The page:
Labour took control of Bury Council earlier this month by securing the seat of Ramsbottom by the drawing of lots. Joanne Columbine managed to pick the longer of two straws after having gained the exact number of votes as the Conservative candidate after two recounts.
Luck obviously had a large part to play in this outcome. Ms Columbine had a one in two chance of becoming a councillor and despite possibly putting her lucky socks on that morning and crossing her fingers as she picked her straw (they actually used cable ties) had no influence on the result once the votes had been counted. This way of deciding the result, although necessary in this impasse, feels slightly uneasy and is in stark contrast to the normal situation, however. Elections usually have very little luck involved – crosses do not find themselves on ballot papers by their own accord – and results show current opinion and how hard campaigners worked in the run up to the election. They are organised so that the influence of fortune and luck is minimised.
This is also the way most sports are set-up. Net cords and lucky miss-hits in tennis are diluted by the sheer amount of shots and points that each player participate in; the margins in kicking in rugby are made less tight by the lack of a goal-keeper; the rules of field hockey have been changed so the split second decisions of the officials are less meaningful. The influence of luck is seen as something to be diminished
Why then are the acts of Lady Luck wholly embraced in the game of football? Football alone seems to not only accept but thrive under the effects of fortune and chance. Knock-out competitions are adored by supporters (perhaps not so much amongst organisers, where the larger teams are not so much assured of safe passage). The ‘magic of the (FA) cup’ for me relates to that love of seeing games where smaller teams have a one off chance to take advantage of a few fortuitous moments over there more illustrious counterparts.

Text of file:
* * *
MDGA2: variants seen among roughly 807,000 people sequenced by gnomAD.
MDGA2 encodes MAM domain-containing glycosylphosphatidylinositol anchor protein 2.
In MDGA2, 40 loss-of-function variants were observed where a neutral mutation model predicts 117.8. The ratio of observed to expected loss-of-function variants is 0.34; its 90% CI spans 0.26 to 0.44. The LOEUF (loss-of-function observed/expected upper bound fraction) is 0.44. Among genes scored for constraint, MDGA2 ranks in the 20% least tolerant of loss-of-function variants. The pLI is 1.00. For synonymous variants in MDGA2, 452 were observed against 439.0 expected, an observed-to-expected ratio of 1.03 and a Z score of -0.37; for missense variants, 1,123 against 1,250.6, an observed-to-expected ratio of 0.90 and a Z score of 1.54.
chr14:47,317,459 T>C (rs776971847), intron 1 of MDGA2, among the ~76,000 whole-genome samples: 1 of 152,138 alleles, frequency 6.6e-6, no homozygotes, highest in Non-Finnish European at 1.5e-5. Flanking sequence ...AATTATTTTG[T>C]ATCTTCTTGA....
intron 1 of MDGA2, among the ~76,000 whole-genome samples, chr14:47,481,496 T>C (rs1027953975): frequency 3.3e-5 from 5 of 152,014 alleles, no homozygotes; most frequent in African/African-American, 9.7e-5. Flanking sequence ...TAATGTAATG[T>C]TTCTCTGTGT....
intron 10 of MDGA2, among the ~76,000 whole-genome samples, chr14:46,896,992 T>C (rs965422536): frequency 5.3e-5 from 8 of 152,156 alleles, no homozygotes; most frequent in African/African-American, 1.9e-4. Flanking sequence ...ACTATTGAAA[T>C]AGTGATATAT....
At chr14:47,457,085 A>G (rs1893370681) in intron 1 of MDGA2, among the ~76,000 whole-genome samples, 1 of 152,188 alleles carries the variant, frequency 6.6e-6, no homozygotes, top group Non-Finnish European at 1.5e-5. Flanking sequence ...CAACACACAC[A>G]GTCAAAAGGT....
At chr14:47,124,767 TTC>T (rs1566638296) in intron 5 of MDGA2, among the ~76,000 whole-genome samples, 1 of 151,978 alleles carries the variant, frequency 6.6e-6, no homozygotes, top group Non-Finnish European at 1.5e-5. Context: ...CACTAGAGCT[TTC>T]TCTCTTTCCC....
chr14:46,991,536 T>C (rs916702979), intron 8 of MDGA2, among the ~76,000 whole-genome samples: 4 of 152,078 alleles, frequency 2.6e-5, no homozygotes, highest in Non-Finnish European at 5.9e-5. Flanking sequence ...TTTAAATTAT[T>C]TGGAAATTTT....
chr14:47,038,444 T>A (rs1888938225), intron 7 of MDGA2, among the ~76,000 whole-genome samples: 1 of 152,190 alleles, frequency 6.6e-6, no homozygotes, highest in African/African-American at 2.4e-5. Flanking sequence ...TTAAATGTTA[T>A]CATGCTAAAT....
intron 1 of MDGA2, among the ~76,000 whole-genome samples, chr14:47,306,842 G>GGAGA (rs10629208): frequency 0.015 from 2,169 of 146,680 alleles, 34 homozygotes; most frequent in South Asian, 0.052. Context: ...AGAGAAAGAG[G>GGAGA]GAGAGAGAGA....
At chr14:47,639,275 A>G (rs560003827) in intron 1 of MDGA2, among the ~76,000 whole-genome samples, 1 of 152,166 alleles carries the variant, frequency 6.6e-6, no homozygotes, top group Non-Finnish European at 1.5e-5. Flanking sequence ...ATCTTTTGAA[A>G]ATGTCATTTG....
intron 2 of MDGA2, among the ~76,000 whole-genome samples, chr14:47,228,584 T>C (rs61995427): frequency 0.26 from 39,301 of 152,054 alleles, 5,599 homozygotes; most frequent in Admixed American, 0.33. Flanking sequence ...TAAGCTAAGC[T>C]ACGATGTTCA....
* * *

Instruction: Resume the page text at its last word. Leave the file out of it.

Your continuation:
It is also why almost everyone looks forward to the play-offs at the end of the season. Although the semi-finals are two-legged, monday night’s tie between Swansea and Nottingham Forest was basically a winner takes all final (although Swansea obviously had a home advantage) where anything could happen. The game did not disappoint and although Swansea did go on to win 3-1, one slice of fortune was the difference between the eventual result and extra time.
This might be a controversial point by I view hitting the post as being unlucky. Shooting is obviously a skill and better strikers are more accurate but I believe – and this may be due to my propensity to unleash high and wide drives – that although you can aim for the corner, the need to keep it out of reach of the goal-keeper means that the difference between a ball creeping into the corner of the net or hitting the pot is minute.
Had Earnshaw’s shot in the final minute found the corner it may be Forest that we were welcoming into Playoff’s final. Chance played a large part in the result.
It is often said that luck balances itself over the season but that will be of little comfort to Forest. Although they may have had a similar situation earlier in the season it doesn’t really matter because knock-out games are one off affairs and in effect mean a lot more than earlier in the season.
I’m not entirely sure it is true anyway.
Opta released this modified Premier League table after 35 games had been played showing what would have happened had all the shots that hit the post or crossbar during the season had gone in. As I say I view hitting the post as very unlucky and therefore I would class Arsenal as the leading woodwork hitter, over the course of the season, as being unfortunate not to have scored a few more goals and being in a better position. Maybe some teams in some seasons are just more unlucky?
I do not really want to spark an argument over the relevance of Opta’s table as I realise that I am open to criticism, given my allegiance to the Gunners, of sour grapes etc. In fact I believe the fact that chance plays a larger part in football is a good thing and has been one of the reasons for its enduring popularity. It gives it spontaneity and excitement and although Earnshaw and the Arsenal strikers may be feeling a little raw is to be appreciated.